When I was invited by one of my favorite students, Fr Micheal, to come and teach in Naples Florida at the Port Royal Club he had me hooked!

It also then encouraged me to follow up on another lead from another favorite return student and friend Vicki from North Carolina to teach at Ocean Reef Club, in Key Largo where she goes in the winter.

As winter here is really slow season, sounded appealing to head off and be a sort of snowbird myself.


Having hurt my back last summer, I can't carry heavy things so brought my friend Beatrice, the tripe Diva of Florence, as my assistant and sherpa! We made a great team!





We started off by decompressing in South Beach.. which was strangly quiet!
Turned Beatrice on to some chicken wings ( which turned out to be "safe" food for her delicate Tuscan stomach!
American breakfast was ok too.. ( but not my pancakes with sausage and that maple syrup!!!)

So I didn't make her eat my food, but, there are certain foods I crave when I am back in the states.

Off to Ocean Reef...we did a class at the cooking school there, hosted by Carol,










and followed up by doing two dinners for one of Vicki's friends, Denise,that has been in Greve on Vicki's vacations.... and then another dinner for one of Denise's guests, Susan.

The most fun for us of course was the shopping!
We did most of our shopping for Key Largo in Publix and found it to be great.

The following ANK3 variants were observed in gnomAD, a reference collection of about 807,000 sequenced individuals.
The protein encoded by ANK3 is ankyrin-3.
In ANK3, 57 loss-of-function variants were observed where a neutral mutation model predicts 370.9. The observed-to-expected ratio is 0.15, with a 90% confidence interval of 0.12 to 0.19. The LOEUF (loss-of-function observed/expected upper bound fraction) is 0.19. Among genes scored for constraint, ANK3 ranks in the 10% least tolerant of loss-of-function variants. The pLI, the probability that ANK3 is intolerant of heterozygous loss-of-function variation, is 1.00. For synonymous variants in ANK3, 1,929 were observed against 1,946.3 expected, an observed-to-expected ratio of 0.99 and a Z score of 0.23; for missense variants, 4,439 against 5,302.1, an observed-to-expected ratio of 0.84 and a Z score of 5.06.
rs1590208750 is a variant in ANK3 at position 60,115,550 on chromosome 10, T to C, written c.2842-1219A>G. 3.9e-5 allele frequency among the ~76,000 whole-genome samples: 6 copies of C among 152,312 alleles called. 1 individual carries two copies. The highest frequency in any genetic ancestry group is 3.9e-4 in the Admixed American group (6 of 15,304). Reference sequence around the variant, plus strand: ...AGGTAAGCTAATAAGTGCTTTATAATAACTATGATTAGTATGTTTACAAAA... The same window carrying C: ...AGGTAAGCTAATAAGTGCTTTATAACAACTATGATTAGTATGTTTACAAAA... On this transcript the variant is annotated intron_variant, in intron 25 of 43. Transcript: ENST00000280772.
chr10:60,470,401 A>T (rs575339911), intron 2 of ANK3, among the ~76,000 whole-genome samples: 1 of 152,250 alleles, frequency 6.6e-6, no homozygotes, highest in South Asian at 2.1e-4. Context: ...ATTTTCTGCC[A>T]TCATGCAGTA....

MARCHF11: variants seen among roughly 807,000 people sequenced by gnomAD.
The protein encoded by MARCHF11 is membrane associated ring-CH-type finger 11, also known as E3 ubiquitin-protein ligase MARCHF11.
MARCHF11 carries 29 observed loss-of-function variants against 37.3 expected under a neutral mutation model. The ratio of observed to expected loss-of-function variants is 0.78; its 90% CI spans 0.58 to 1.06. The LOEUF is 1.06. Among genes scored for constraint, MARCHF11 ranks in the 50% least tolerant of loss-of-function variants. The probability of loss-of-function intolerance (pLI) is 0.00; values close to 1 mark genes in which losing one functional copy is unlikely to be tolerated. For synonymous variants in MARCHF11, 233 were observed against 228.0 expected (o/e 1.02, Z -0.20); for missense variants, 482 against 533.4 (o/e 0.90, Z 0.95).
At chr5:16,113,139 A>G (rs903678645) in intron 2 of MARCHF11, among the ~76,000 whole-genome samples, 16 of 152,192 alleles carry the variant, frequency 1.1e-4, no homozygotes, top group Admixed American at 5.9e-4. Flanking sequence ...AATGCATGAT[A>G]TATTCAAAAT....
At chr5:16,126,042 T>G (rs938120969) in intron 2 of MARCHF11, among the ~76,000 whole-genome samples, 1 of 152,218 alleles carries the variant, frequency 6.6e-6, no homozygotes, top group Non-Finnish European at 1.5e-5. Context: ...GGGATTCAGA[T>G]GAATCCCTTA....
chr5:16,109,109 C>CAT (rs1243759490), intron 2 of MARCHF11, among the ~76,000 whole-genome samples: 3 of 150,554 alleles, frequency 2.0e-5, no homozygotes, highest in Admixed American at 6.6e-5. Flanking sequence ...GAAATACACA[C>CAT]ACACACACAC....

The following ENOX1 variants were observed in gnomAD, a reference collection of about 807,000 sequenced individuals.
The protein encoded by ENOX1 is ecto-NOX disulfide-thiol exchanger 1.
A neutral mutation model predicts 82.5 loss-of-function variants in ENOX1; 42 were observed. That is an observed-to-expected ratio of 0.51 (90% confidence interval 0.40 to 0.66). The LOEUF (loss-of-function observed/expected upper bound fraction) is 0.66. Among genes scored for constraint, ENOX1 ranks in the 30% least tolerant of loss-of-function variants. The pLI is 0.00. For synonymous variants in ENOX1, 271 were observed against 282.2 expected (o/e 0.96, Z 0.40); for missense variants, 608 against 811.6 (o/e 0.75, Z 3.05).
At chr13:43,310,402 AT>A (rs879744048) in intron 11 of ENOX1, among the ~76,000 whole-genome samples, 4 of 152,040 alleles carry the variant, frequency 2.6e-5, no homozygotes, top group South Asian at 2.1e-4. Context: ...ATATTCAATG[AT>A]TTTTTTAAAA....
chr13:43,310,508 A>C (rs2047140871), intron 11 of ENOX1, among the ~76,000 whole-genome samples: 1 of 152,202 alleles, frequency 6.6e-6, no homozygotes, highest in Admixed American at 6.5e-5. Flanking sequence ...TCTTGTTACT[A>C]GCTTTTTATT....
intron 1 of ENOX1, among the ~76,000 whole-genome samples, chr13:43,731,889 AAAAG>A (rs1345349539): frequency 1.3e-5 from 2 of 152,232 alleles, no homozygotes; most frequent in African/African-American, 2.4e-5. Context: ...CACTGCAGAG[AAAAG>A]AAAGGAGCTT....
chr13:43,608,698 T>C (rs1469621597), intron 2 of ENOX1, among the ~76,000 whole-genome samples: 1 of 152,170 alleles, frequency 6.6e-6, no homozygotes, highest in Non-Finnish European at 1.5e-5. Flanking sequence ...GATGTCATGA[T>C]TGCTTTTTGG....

We then headed off to Naples.. taking the highway 41... which was a blast, easy driving and we stopped to do a tour of the everglades..... something I dreamed of since watching Flipper as a kid!

Great drive into Naples and luckily bumped into our hostess while driving around Naples and followed her home!
Divine Providence! ( being as we were staying with the local Episcopal Priest , perhaps we were being blessed!)

Naples was a series of classes and parties that never ended!
From our all "boys" class to the Naples " Girls fundraiser" it was back to back feasting!

We found fabulous foods at Publix and Wynn's in Naples, but the topping on the cake was EVOO. Here we found lots of products I buy in Florence at the Central Market!

We did some repeat recipes for the dinners, such as:

Artichoke and Green Olive pate for Crostini
as well as a
Tuscan Tapenade, with sundried tomatoes, capers and black olives.

Pear and pecorino ravioli's were made a couple of times.

Dario's Arrosto Fiorentino was a big hit as were the oven roasted veggies with Tuscan herbs.

I will follow up this post with some of the recipes we did.. and foto's from the various dinners!